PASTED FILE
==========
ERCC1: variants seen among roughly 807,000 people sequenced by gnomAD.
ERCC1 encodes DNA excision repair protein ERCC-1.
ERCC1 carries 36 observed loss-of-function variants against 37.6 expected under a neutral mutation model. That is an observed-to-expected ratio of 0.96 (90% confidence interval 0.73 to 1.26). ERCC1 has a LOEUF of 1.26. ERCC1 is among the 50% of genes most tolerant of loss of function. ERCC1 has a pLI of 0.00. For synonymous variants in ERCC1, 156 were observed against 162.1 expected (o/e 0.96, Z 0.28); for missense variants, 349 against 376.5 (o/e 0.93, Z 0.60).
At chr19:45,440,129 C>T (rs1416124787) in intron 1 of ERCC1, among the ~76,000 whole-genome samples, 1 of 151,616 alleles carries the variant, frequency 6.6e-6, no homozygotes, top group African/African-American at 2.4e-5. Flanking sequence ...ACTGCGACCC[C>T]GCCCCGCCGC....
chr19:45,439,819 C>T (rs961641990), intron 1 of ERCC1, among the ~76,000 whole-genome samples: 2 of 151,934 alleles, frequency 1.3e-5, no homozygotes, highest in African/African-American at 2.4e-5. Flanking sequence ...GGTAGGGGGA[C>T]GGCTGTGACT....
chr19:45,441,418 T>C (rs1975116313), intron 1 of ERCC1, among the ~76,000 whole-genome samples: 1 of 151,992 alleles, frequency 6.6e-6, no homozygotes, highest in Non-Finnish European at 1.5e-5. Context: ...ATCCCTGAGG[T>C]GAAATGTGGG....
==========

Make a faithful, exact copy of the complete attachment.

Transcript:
ERCC1: variants seen among roughly 807,000 people sequenced by gnomAD.
ERCC1 encodes DNA excision repair protein ERCC-1.
ERCC1 carries 36 observed loss-of-function variants against 37.6 expected under a neutral mutation model. That is an observed-to-expected ratio of 0.96 (90% confidence interval 0.73 to 1.26). ERCC1 has a LOEUF of 1.26. ERCC1 is among the 50% of genes most tolerant of loss of function. ERCC1 has a pLI of 0.00. For synonymous variants in ERCC1, 156 were observed against 162.1 expected (o/e 0.96, Z 0.28); for missense variants, 349 against 376.5 (o/e 0.93, Z 0.60).
At chr19:45,440,129 C>T (rs1416124787) in intron 1 of ERCC1, among the ~76,000 whole-genome samples, 1 of 151,616 alleles carries the variant, frequency 6.6e-6, no homozygotes, top group African/African-American at 2.4e-5. Flanking sequence ...ACTGCGACCC[C>T]GCCCCGCCGC....
chr19:45,439,819 C>T (rs961641990), intron 1 of ERCC1, among the ~76,000 whole-genome samples: 2 of 151,934 alleles, frequency 1.3e-5, no homozygotes, highest in African/African-American at 2.4e-5. Flanking sequence ...GGTAGGGGGA[C>T]GGCTGTGACT....
chr19:45,441,418 T>C (rs1975116313), intron 1 of ERCC1, among the ~76,000 whole-genome samples: 1 of 151,992 alleles, frequency 6.6e-6, no homozygotes, highest in Non-Finnish European at 1.5e-5. Context: ...ATCCCTGAGG[T>C]GAAATGTGGG....